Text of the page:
We ended the day with a reception and raffle at the hotel in Emeryville. Sunday was another exciting day, with 13 different workshops to choose from! They all took place at the San Francisco Bay Oiled Wildlife Care and Education Center in Fairfield. We had people blowing up wavy men (as one potential hazing technique), learning how to capture inland species, practicing how to place a wing wrap on a bird, and getting to open up marine mammals and birds during the necropsy workshops.

Workshop Folks Learning About Visual Hazing Methods on Sunday

Workshop Folks Learning About Visual Hazing Methods on Sunday

Oilapalooza is not only fun for learning new skills and hearing about new research, but it is tremendously valuable for coming together as a network. Just like each branch of a tree gives the tree its collective strength, so does each individual from each member organization and affiliated agency, in making the OWCN the best oil spill response network in the world.

I know I speak for all core OWCN staff in saying that we are so grateful for each and every one of you, and your contribution in making the OWCN amazing. See you next time.

– Kyra

Oilapalooza Is A Go!

date-clipart-putthis_on_calendar_clip_art1Save the date!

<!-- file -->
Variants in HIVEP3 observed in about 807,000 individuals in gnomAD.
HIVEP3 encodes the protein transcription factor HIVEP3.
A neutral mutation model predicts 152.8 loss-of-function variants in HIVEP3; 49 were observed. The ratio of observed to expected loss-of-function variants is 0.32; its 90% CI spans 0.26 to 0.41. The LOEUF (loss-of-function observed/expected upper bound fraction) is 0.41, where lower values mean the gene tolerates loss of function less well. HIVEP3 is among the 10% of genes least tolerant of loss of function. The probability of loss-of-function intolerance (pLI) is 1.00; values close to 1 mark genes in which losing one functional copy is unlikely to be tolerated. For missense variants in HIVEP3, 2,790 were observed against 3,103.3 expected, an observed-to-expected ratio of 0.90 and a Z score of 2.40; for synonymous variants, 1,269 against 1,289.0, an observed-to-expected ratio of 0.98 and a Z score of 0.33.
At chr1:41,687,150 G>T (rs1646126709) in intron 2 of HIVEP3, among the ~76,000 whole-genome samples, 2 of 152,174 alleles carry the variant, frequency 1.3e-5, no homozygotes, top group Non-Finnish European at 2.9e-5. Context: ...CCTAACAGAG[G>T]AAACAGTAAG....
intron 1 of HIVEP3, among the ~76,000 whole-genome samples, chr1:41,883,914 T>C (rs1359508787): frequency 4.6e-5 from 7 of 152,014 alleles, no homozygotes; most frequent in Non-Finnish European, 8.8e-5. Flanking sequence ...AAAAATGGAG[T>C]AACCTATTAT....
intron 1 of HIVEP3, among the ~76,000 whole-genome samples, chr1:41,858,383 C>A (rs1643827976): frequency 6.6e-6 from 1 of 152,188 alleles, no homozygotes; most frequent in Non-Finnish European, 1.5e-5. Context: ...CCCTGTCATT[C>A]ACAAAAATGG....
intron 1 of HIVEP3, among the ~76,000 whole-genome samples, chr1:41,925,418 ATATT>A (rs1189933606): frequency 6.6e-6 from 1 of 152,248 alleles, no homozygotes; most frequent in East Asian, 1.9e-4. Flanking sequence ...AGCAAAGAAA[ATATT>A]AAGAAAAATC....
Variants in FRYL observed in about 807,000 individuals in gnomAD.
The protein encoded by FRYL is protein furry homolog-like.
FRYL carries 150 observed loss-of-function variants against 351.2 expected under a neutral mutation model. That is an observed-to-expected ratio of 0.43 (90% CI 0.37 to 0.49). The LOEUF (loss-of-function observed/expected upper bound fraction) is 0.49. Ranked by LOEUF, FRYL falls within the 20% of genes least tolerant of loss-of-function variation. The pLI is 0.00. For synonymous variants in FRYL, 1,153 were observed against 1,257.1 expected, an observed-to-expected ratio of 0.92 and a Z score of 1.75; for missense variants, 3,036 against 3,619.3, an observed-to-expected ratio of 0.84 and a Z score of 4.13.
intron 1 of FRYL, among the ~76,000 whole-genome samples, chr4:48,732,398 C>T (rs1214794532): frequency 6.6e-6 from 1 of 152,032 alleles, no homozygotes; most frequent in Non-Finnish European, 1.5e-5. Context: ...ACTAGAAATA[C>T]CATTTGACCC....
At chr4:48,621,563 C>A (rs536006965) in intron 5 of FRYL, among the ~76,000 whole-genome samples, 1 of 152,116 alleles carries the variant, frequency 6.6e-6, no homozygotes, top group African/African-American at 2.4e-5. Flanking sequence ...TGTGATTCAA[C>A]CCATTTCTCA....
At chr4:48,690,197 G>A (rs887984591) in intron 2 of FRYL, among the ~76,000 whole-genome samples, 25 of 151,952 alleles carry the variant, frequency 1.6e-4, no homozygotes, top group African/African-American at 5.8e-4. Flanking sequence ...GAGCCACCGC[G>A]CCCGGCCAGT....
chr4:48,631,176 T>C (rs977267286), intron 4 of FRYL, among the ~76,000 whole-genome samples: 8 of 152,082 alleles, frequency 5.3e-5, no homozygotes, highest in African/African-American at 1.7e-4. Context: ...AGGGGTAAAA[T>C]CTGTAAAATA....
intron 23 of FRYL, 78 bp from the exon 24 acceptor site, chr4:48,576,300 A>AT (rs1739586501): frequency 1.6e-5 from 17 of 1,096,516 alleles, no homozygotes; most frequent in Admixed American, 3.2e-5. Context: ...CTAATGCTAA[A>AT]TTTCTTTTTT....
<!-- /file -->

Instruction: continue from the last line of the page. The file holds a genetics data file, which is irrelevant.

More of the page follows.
After weeks/months of exploring different venues, having hotels refuse to get back to us, and more (non-financially induced) potholes in the process than any year to date, Lavonne has pulled a rabbit of the hat and found us a site for Oilapalooza ’15!

EmeryvilleWe will be convening on Saturday October 17 at the Hilton Garden Inn San Francisco/Oakland Bay Bridge (1800 Powell Street, Emeryville, CA) for a day of continuing education, directed discussion, and team-building activities. The following day, focused labs on each of our response streams (recovery, hazing, field stabilization, and care/processing) will take place at soon-to-be announced locations throughout the Greater San Francisco Bay region.

So find your thinking caps, ready your questions on all things oily, and get ready to have some fun while helping us to better prepare for oiled wildlife collection and care in California! We will be getting back to everyone very soon with many more details on what is certain to be a great weekend!

– Mike

Oilapalooza 2013!